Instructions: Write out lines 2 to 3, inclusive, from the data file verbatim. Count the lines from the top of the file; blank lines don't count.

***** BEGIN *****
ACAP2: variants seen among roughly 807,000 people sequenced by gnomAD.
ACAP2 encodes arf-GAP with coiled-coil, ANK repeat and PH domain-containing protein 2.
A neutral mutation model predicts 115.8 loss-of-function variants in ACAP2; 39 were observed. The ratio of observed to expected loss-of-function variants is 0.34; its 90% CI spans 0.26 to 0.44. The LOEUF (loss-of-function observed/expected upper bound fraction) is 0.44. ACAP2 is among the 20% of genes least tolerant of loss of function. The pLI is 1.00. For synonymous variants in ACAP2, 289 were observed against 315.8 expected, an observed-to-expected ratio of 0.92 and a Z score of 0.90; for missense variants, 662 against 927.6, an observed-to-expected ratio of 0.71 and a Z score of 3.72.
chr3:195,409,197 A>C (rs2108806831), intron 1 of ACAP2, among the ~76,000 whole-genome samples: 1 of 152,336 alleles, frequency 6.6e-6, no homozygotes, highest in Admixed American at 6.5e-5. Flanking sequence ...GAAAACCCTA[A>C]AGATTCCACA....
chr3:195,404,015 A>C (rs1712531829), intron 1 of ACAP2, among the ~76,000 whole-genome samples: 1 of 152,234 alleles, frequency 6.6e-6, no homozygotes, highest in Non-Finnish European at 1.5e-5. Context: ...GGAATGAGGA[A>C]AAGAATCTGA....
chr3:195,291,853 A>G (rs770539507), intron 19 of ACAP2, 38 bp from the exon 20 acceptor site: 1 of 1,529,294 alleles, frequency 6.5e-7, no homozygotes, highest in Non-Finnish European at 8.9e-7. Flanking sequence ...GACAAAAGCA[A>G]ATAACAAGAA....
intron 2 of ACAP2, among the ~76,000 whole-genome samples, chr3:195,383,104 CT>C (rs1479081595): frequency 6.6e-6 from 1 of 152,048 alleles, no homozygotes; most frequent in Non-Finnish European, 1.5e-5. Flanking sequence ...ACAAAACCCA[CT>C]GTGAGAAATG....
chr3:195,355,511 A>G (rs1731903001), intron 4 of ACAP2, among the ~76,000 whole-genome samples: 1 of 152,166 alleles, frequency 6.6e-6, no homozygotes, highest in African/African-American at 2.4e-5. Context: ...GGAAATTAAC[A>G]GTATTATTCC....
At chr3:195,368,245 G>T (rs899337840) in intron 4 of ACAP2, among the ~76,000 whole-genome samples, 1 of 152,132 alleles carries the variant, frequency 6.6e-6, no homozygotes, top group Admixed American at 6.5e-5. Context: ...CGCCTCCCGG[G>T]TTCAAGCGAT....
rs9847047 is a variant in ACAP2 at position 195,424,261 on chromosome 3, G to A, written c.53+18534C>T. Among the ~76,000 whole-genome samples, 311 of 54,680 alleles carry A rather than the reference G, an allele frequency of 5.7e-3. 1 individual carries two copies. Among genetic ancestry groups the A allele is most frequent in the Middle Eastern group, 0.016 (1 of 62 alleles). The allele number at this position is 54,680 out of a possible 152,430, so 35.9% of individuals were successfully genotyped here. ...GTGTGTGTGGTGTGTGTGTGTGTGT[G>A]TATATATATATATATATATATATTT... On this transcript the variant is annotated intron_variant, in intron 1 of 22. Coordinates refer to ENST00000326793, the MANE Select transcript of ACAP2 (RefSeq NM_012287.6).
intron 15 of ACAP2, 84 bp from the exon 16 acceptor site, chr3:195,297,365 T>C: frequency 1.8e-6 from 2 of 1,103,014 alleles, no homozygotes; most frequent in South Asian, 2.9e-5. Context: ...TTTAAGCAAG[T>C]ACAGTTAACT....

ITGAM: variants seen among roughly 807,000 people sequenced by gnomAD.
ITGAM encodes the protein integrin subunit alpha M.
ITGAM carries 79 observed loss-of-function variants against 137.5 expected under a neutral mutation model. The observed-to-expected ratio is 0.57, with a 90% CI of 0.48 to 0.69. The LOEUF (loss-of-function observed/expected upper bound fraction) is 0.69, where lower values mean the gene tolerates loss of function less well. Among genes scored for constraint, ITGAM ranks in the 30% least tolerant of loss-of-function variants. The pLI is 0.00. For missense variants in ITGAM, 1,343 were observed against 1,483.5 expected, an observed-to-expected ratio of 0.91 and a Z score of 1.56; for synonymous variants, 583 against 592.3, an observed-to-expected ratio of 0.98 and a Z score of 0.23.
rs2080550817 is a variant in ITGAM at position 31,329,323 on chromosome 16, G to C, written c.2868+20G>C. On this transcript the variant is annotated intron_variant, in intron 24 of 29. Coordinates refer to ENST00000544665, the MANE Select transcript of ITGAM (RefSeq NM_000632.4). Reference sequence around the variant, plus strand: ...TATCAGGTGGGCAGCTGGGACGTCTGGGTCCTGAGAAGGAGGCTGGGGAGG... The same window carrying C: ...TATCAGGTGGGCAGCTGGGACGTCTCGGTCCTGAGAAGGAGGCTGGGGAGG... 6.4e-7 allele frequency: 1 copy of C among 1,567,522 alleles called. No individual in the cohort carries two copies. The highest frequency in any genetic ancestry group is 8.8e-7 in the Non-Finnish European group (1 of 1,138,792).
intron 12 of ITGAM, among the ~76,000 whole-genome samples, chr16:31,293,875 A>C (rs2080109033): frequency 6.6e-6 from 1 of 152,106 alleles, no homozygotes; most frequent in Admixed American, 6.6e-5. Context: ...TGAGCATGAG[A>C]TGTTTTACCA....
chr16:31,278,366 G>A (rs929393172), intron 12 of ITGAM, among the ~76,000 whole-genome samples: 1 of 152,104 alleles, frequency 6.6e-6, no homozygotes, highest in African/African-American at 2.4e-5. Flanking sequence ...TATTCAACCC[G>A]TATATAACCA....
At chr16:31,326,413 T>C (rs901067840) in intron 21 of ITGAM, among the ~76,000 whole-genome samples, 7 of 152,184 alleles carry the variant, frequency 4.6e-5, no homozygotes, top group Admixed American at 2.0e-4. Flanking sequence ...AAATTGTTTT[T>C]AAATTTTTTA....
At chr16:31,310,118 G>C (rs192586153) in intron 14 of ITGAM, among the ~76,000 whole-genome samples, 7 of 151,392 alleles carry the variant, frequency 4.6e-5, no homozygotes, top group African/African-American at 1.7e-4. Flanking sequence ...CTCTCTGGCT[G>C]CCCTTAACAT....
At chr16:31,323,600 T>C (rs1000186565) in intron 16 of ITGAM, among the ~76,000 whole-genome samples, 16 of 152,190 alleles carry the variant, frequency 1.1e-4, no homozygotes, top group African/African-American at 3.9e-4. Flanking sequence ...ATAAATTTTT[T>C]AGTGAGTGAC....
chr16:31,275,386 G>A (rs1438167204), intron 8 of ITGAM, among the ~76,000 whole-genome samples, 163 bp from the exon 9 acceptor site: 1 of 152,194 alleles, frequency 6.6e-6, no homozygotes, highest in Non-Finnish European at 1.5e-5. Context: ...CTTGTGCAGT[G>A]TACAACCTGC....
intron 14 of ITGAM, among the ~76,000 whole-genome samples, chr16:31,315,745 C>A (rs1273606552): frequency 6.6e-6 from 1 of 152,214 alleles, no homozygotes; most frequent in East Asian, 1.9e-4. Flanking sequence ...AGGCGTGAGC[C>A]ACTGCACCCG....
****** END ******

ACAP2 encodes arf-GAP with coiled-coil, ANK repeat and PH domain-containing protein 2.
A neutral mutation model predicts 115.8 loss-of-function variants in ACAP2; 39 were observed. The ratio of observed to expected loss-of-function variants is 0.34; its 90% CI spans 0.26 to 0.44. The LOEUF (loss-of-function observed/expected upper bound fraction) is 0.44. ACAP2 is among the 20% of genes least tolerant of loss of function. The pLI is 1.00. For synonymous variants in ACAP2, 289 were observed against 315.8 expected, an observed-to-expected ratio of 0.92 and a Z score of 0.90; for missense variants, 662 against 927.6, an observed-to-expected ratio of 0.71 and a Z score of 3.72.